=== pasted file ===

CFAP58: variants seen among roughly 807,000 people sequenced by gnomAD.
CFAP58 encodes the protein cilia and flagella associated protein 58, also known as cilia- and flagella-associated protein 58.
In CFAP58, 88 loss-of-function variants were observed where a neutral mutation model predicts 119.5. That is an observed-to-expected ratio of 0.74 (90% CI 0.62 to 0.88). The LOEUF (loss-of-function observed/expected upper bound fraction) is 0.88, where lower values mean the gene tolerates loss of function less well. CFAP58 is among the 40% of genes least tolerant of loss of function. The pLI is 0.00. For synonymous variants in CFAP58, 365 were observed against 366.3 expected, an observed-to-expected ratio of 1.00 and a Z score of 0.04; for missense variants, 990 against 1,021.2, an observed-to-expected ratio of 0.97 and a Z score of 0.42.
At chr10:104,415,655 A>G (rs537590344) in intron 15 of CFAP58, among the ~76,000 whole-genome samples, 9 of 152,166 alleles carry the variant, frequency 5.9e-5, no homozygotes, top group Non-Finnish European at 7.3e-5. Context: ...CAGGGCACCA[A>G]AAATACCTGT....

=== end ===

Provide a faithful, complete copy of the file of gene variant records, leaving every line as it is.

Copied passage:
CFAP58: variants seen among roughly 807,000 people sequenced by gnomAD.
CFAP58 encodes the protein cilia and flagella associated protein 58, also known as cilia- and flagella-associated protein 58.
In CFAP58, 88 loss-of-function variants were observed where a neutral mutation model predicts 119.5. That is an observed-to-expected ratio of 0.74 (90% CI 0.62 to 0.88). The LOEUF (loss-of-function observed/expected upper bound fraction) is 0.88, where lower values mean the gene tolerates loss of function less well. CFAP58 is among the 40% of genes least tolerant of loss of function. The pLI is 0.00. For synonymous variants in CFAP58, 365 were observed against 366.3 expected, an observed-to-expected ratio of 1.00 and a Z score of 0.04; for missense variants, 990 against 1,021.2, an observed-to-expected ratio of 0.97 and a Z score of 0.42.
At chr10:104,415,655 A>G (rs537590344) in intron 15 of CFAP58, among the ~76,000 whole-genome samples, 9 of 152,166 alleles carry the variant, frequency 5.9e-5, no homozygotes, top group Non-Finnish European at 7.3e-5. Context: ...CAGGGCACCA[A>G]AAATACCTGT....